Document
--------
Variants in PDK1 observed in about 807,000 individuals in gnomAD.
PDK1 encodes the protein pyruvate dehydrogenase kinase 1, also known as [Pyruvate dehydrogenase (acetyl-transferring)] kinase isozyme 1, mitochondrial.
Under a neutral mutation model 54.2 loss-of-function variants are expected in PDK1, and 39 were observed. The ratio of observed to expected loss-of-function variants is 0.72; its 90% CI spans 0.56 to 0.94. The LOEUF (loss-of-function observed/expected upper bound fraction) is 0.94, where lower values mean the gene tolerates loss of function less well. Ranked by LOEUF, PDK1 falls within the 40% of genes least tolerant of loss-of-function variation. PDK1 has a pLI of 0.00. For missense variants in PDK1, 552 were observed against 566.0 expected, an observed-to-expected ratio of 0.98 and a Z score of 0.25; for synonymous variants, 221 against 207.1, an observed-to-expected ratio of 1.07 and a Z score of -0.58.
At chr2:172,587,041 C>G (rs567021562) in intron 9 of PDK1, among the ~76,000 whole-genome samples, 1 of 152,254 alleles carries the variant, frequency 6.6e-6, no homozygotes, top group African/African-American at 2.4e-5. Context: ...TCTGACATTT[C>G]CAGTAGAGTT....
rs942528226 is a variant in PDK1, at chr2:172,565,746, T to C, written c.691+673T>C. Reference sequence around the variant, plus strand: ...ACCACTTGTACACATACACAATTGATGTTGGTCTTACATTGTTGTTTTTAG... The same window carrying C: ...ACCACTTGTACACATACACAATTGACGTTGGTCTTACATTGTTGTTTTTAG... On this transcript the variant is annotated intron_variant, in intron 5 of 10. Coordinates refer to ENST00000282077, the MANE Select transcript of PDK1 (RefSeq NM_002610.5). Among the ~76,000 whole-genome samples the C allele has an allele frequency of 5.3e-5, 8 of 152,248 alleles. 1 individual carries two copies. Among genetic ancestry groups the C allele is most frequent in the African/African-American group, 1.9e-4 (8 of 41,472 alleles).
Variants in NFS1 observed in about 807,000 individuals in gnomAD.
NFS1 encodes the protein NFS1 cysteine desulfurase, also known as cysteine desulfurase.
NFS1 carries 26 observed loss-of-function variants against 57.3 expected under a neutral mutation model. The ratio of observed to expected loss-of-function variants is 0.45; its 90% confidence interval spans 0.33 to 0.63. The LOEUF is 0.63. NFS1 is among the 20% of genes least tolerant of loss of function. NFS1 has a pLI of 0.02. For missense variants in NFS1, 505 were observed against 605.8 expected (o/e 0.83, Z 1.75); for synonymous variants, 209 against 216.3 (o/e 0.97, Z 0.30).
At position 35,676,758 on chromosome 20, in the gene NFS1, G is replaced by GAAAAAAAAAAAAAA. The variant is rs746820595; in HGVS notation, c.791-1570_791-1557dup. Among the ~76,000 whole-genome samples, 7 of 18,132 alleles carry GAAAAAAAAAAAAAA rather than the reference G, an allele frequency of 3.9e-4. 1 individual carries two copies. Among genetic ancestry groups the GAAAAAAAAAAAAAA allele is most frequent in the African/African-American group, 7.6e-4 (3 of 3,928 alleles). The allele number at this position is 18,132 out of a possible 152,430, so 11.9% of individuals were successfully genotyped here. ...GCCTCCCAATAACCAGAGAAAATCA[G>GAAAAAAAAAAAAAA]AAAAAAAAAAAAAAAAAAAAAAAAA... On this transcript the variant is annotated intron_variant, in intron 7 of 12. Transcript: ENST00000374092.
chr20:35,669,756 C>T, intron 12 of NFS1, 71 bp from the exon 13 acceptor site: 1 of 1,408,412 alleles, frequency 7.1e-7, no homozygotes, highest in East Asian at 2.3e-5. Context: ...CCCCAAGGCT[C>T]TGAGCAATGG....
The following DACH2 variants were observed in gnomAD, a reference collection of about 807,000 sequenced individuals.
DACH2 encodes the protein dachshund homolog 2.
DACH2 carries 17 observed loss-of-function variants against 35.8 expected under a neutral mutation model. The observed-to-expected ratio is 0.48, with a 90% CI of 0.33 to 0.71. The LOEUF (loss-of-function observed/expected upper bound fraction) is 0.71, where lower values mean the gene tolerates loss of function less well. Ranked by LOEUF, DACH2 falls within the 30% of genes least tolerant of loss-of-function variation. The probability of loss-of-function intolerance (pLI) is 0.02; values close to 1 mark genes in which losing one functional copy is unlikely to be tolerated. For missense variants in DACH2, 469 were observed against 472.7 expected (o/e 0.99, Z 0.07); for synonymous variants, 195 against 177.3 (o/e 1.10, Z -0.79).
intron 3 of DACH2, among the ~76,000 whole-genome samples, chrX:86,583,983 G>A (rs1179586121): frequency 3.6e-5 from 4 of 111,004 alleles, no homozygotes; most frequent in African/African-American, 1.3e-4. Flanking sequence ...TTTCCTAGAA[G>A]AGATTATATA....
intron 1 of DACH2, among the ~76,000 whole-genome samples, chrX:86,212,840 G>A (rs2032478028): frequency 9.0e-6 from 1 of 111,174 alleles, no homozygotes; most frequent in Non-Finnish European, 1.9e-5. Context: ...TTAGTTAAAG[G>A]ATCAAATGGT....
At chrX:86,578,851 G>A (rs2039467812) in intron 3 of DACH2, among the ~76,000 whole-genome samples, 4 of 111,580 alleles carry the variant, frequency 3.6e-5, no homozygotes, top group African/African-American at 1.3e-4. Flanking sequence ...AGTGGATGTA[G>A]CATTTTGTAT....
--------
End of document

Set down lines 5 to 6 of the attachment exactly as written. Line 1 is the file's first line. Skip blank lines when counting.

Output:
rs942528226 is a variant in PDK1, at chr2:172,565,746, T to C, written c.691+673T>C. Reference sequence around the variant, plus strand: ...ACCACTTGTACACATACACAATTGATGTTGGTCTTACATTGTTGTTTTTAG... The same window carrying C: ...ACCACTTGTACACATACACAATTGACGTTGGTCTTACATTGTTGTTTTTAG... On this transcript the variant is annotated intron_variant, in intron 5 of 10. Coordinates refer to ENST00000282077, the MANE Select transcript of PDK1 (RefSeq NM_002610.5). Among the ~76,000 whole-genome samples the C allele has an allele frequency of 5.3e-5, 8 of 152,248 alleles. 1 individual carries two copies. Among genetic ancestry groups the C allele is most frequent in the African/African-American group, 1.9e-4 (8 of 41,472 alleles).
Variants in NFS1 observed in about 807,000 individuals in gnomAD.